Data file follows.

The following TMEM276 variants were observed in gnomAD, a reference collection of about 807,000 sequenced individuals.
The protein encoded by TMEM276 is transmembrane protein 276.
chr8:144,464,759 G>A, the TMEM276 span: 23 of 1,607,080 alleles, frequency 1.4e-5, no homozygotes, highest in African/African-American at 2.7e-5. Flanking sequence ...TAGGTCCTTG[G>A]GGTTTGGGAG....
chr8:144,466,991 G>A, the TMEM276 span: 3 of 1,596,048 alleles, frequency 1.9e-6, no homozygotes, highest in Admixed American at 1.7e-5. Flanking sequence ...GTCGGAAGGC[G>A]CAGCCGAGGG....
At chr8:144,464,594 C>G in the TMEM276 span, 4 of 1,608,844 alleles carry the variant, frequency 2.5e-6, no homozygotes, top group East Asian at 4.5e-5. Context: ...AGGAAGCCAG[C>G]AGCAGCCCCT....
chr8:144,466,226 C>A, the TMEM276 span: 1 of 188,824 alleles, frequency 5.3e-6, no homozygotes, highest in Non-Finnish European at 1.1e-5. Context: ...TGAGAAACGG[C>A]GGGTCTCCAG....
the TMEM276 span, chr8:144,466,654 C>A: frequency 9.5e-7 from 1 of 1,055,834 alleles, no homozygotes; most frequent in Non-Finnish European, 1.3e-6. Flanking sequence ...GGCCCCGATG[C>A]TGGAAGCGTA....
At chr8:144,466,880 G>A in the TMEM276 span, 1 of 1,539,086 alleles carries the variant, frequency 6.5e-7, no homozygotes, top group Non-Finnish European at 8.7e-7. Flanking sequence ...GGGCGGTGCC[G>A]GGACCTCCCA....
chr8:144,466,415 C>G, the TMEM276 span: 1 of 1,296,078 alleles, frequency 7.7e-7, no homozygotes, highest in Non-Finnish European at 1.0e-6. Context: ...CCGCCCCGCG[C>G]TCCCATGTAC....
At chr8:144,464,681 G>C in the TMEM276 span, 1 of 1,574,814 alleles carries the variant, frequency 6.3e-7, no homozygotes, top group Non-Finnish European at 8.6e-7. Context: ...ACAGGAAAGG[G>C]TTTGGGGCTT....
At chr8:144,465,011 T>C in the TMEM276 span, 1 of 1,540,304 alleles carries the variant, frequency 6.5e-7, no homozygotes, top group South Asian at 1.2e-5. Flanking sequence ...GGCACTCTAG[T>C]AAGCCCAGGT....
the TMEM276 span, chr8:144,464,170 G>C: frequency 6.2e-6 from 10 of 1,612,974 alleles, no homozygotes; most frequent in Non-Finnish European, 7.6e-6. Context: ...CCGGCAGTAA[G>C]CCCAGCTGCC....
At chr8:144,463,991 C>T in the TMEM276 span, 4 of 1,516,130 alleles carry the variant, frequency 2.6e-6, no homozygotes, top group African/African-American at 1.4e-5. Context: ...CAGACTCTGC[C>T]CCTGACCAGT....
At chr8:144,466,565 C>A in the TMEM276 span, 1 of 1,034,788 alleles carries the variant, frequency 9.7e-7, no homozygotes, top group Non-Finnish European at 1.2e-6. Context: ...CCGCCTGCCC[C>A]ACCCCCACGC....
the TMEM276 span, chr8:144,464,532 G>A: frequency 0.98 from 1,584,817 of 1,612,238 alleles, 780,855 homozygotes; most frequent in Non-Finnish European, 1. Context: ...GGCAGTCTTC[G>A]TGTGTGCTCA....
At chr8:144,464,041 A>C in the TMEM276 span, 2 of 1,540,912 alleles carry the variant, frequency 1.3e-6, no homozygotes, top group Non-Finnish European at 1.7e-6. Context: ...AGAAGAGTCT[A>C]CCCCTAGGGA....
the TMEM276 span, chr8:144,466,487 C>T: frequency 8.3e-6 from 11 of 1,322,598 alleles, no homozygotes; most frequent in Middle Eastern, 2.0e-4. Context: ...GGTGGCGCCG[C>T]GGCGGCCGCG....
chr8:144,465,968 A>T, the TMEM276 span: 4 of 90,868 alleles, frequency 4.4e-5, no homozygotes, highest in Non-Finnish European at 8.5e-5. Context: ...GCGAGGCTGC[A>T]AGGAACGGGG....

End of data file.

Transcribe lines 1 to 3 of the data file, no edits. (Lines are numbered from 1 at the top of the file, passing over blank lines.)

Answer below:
The following TMEM276 variants were observed in gnomAD, a reference collection of about 807,000 sequenced individuals.
The protein encoded by TMEM276 is transmembrane protein 276.
chr8:144,464,759 G>A, the TMEM276 span: 23 of 1,607,080 alleles, frequency 1.4e-5, no homozygotes, highest in African/African-American at 2.7e-5. Flanking sequence ...TAGGTCCTTG[G>A]GGTTTGGGAG....